How Madagascar Is Confronting Climate Change

This article was originally published on Common Edge.

Madagascar is an island nation off the southeast coast of Africa that, despite its lush vegetation and unique flora and fauna, grapples with formidable environmental challenges, from rising sea levels to the excessive exploitation of natural resources. Joan Razafimaharo is an architect deeply involved in sustainability, climate change, and adaptation efforts in Madagascar and the broader Indian Ocean region. Razafimaharo is also one of only about sixty architects in the country, serving a population of 28 million.

Recently I spoke to her about environmental activism in the face of climate change, curbing the exploitation of natural resources, the role of architects in resource-scarce societies, and empowering women in isolated areas. The interview, originally conducted in French, has been translated and edited for length and clarity.

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Navigating COP28: Key Takeaways for Architects from the Dubai Summit

COP28, or the 2023 United Nations Conference of the Parties, was held in Dubai between November 30 and December 13. The annual meeting gathers representatives from 198 countries, as well as industry leaders to discuss and establish strategies to limit the extent of climate change and its adverse effects. The ultimate goal of these meetings is to find ways to limit the global temperature rise below 1.5 degrees Celsius compared to pre-industrial times. At the moment, the global temperature rise is already at 1.2 degrees Celsius. As the construction industry at large accounts for 39% of global emissions, architects and planners have a shared interest in the results of thee international summit, Read on to discover some of the key takeaways of COP28.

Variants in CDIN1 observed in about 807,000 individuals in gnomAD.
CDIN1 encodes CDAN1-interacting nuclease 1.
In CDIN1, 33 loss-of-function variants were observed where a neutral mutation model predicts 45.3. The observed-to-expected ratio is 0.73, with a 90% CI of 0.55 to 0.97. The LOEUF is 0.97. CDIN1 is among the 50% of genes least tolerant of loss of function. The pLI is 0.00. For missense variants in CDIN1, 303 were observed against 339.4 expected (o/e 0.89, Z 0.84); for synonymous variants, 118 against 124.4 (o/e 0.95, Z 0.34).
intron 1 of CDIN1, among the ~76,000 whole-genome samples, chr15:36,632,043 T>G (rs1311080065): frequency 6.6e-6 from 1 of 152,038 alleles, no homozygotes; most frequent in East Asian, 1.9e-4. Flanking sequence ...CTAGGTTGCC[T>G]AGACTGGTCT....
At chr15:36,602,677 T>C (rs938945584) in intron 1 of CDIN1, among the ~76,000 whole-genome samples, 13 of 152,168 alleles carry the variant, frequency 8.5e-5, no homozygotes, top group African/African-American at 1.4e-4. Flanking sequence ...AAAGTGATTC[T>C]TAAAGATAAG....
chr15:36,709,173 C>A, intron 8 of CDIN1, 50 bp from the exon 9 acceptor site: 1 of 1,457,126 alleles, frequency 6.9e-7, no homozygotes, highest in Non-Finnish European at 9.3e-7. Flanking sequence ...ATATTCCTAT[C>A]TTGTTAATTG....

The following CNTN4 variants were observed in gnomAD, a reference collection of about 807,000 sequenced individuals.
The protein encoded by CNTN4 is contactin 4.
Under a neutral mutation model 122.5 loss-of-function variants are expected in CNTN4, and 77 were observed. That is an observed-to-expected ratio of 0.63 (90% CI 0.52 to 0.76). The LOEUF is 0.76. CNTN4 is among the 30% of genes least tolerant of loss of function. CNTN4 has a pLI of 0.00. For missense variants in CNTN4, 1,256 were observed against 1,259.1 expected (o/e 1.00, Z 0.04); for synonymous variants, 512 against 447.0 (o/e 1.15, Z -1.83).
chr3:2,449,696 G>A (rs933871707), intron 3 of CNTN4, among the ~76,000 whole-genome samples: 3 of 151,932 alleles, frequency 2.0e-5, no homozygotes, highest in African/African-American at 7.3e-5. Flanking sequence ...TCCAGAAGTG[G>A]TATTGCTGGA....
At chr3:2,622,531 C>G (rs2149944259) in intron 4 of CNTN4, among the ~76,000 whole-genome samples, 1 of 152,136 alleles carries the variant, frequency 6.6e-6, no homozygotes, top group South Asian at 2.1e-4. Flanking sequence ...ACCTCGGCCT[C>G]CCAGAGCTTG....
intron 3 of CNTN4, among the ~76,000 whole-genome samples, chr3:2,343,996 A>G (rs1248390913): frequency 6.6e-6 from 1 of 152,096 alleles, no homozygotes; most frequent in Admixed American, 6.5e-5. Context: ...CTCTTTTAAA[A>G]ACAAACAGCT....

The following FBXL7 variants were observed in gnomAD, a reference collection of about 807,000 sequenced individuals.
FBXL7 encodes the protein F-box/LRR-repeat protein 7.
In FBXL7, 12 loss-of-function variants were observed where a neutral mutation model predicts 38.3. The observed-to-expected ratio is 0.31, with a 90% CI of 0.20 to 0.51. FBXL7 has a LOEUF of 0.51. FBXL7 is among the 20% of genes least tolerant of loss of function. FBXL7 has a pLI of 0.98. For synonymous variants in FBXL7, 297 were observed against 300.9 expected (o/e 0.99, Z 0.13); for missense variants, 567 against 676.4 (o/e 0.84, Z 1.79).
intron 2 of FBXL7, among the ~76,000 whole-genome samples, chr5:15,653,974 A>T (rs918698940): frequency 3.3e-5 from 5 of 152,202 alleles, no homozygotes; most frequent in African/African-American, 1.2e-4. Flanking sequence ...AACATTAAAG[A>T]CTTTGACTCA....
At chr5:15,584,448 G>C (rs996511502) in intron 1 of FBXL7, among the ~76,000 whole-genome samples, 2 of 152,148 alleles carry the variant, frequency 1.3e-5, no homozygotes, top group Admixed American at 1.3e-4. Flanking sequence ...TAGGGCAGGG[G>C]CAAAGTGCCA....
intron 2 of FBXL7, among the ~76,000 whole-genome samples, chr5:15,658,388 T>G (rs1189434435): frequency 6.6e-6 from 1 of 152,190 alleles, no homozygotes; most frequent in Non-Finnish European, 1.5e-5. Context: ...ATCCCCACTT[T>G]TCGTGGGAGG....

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Foster + Partners and BIG Selected to Revitalize Türkiye’s Hatay Province After the Earthquake

The Türkiye Design Council (TDC) has gathered 13 design practices, including Foster + Partners and Bjarke Ingels Group, to contribute to the revitalization of the historic province of Hatay, an area severely damaged by the 7.8 magnitude earthquake in February this year. Foster + Partners has been selected to lead the design and planning of the new master plan for the city of Antakya, known to antiquity as Antioch, while several other offices including Turkish practices DB Architects and KEYM (Urban Renewal Center) will work together to create a vision for the rebuilding of the city. The master plan is expected to be revealed in its entirety in 2024.